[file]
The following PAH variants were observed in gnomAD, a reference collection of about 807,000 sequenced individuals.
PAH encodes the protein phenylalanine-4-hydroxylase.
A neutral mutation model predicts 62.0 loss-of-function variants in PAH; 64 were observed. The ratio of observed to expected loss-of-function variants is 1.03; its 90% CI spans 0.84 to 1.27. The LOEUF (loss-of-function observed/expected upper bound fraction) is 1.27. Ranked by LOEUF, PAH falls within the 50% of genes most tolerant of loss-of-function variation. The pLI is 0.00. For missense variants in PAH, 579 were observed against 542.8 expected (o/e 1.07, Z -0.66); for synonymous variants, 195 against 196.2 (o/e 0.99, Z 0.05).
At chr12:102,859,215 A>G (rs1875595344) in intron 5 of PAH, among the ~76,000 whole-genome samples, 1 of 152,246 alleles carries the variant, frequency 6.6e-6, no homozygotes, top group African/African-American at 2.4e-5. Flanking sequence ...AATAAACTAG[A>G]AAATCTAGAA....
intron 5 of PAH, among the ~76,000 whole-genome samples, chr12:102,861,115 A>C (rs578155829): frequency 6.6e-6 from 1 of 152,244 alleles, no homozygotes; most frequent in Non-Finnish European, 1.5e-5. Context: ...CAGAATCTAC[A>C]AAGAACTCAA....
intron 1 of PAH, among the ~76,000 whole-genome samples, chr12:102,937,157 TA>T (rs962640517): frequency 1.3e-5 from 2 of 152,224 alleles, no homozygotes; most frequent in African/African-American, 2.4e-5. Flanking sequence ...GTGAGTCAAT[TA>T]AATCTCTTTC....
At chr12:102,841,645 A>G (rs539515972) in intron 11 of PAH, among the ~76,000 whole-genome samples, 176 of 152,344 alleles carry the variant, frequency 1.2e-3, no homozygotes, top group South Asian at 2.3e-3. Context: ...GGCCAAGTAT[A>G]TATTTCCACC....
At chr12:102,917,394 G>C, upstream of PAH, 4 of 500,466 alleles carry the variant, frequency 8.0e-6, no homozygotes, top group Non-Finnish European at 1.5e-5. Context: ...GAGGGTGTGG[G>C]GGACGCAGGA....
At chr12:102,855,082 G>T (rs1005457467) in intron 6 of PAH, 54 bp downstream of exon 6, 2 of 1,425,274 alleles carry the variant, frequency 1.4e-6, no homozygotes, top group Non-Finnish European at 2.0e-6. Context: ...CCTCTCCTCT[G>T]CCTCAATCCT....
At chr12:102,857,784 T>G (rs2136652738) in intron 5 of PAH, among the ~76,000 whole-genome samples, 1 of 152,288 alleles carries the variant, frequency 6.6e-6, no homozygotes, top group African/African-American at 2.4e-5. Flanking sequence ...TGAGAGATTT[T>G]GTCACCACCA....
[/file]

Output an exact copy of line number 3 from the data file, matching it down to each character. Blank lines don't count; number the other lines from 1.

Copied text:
A neutral mutation model predicts 62.0 loss-of-function variants in PAH; 64 were observed. The ratio of observed to expected loss-of-function variants is 1.03; its 90% CI spans 0.84 to 1.27. The LOEUF (loss-of-function observed/expected upper bound fraction) is 1.27. Ranked by LOEUF, PAH falls within the 50% of genes most tolerant of loss-of-function variation. The pLI is 0.00. For missense variants in PAH, 579 were observed against 542.8 expected (o/e 1.07, Z -0.66); for synonymous variants, 195 against 196.2 (o/e 0.99, Z 0.05).